Letters to the Editor

Jared is wrong on privatization | Letter to the Editor

In a recent editorial in the Kirkland Reporter, Jeff Jared suggested that privatizing the Peter Kirk pool and the Lee Johnson field would be a better use of public assets by introducing a profit motive incentivized by letting these facilities operate under the management of private business owners. Mr. Jared’s assumption is that these assets could become profitable, if only they weren’t in the hands of government.

Think about his argument for privatizing public assets. If operating public pools were profitable, wouldn’t we see for-profit companies operating pools? The fact is, public pools are subsidized by tax payer dollars because pool fees do not fully recover the operating costs. A decent cost recovery rate for a public pool is 60 percent, meaning that pool admission fees cover approximately 60 percent of the operating costs. Pools are extremely expensive to operate. If the Peter Kirk pool was operated as a “money maker” the current $4 admission would have to double just to break even for an operator.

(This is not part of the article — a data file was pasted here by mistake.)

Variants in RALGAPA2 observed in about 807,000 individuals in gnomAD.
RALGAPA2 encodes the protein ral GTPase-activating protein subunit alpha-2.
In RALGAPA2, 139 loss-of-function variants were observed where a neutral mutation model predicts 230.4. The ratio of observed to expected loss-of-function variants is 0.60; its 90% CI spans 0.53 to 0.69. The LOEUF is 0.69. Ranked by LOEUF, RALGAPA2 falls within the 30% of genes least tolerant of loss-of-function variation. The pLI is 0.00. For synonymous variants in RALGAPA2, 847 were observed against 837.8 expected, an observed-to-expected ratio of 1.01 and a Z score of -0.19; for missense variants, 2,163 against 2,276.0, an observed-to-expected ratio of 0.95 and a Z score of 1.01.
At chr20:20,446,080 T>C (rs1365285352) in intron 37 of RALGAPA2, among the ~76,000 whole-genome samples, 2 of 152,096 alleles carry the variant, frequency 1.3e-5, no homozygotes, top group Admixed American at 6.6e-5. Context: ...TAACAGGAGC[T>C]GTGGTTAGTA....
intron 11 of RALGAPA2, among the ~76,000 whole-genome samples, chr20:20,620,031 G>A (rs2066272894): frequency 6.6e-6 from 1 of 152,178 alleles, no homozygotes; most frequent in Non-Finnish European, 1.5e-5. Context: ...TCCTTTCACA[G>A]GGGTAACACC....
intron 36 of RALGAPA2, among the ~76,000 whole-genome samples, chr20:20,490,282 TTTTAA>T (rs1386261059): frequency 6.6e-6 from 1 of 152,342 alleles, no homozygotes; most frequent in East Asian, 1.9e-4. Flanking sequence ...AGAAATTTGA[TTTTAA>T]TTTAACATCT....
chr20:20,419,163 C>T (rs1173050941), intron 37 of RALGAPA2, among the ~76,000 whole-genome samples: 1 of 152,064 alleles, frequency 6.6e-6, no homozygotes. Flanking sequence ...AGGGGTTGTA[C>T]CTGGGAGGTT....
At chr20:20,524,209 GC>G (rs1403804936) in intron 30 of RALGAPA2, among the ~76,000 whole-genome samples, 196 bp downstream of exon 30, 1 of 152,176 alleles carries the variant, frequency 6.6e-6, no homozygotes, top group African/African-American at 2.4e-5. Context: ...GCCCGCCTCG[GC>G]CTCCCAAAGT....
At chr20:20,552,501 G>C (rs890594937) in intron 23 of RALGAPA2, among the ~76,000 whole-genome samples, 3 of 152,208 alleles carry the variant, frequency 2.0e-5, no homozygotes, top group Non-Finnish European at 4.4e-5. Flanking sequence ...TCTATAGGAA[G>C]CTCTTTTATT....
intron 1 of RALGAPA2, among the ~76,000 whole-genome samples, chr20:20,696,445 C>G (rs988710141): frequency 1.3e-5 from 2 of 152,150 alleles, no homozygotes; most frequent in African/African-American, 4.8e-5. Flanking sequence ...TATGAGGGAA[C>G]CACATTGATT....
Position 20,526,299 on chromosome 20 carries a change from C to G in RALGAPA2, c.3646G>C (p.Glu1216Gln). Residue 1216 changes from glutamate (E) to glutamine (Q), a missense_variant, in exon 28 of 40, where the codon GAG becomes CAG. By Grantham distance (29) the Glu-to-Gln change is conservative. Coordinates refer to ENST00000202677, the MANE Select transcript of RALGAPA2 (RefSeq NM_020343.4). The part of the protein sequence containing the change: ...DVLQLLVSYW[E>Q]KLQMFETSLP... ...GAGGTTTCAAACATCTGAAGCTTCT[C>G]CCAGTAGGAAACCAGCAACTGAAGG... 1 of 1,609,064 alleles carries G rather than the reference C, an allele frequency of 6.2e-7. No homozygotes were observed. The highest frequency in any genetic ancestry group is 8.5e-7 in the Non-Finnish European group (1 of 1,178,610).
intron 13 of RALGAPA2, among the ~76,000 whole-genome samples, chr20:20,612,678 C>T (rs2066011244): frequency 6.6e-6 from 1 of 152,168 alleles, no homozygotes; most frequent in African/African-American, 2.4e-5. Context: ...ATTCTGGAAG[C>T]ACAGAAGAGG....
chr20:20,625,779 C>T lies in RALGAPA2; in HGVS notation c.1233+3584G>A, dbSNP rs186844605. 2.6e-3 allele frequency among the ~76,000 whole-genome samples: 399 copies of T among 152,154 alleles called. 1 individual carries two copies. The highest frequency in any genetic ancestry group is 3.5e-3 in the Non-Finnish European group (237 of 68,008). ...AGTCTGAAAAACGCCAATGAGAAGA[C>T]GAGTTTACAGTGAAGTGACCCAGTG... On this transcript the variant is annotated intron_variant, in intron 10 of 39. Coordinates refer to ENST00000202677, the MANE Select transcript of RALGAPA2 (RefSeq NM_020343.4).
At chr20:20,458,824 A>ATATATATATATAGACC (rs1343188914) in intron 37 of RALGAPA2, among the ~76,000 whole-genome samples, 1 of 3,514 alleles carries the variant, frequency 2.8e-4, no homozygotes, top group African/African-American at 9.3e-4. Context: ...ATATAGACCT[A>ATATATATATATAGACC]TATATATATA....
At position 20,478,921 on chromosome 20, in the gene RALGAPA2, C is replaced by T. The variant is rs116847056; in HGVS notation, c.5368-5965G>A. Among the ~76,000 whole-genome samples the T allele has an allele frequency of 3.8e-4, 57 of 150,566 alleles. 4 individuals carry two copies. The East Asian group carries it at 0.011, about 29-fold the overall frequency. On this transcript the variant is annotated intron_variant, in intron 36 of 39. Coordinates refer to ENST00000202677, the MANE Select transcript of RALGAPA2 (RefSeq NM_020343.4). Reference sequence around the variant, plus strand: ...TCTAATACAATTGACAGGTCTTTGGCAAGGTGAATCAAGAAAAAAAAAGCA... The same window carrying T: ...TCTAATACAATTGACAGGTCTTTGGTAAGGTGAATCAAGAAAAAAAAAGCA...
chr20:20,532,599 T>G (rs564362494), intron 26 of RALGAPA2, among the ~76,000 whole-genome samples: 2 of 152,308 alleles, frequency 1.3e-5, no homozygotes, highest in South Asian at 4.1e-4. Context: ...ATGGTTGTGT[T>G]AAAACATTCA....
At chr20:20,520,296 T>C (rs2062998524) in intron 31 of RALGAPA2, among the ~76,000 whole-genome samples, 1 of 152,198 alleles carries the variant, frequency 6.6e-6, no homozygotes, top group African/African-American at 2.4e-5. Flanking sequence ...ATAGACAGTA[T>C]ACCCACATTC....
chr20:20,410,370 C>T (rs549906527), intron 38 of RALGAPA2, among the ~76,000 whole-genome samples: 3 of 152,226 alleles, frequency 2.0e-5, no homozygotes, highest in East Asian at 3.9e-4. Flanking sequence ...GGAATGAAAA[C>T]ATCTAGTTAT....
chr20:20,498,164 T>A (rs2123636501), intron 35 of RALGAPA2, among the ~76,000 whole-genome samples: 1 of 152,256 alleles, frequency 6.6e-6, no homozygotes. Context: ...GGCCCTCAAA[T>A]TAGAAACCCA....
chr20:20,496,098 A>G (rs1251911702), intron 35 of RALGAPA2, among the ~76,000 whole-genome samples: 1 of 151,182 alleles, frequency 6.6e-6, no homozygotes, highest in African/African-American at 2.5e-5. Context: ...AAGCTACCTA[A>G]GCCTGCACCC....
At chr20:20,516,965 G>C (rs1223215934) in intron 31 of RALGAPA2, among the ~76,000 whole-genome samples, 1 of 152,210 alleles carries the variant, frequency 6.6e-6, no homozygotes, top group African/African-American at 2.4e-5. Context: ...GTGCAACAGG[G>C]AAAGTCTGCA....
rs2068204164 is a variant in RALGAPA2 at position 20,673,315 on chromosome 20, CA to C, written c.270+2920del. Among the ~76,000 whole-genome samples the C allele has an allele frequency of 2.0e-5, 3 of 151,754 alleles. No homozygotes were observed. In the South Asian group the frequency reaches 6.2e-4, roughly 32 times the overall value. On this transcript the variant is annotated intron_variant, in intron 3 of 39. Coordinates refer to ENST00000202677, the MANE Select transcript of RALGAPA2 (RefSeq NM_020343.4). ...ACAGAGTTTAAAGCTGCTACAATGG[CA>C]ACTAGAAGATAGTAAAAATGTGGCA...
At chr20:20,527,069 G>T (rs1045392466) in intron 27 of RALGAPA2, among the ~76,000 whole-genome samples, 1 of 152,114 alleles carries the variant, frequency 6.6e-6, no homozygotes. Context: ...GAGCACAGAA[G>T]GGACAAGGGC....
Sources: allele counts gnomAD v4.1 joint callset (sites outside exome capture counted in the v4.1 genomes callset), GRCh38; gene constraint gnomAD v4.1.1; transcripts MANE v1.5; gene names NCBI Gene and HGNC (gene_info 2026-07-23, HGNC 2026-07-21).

How would you feel about paying $8 or more to use the pool?

The same can be said of public sports fields. The City of Kirkland subsidizes the cost of maintenance of all the sports fields in Kirkland, not just the Lee Johnson field. Other cities do the same. If the local government didn’t subsidize sports user groups, leagues and teams, I can assure you that their costs to utilize the field, even with commercialization, would increase significantly.

There are many things that the private sector does efficiently and cost effectively, but operating public assets like pools and small ball fields using a capitalize approach doesn’t work. Mr. Jarad, public libraries are subsidized, roadway maintenance is subsidized, bus service is subsidized, and park maintenance is subsidized just to name a few. Using your privatization model, we would pay to check out books at the library or have a few to enter a city park. There are some things that are done for the greater good of the community and not just to make a dollar.

Patrick Harris, Kirkland

 

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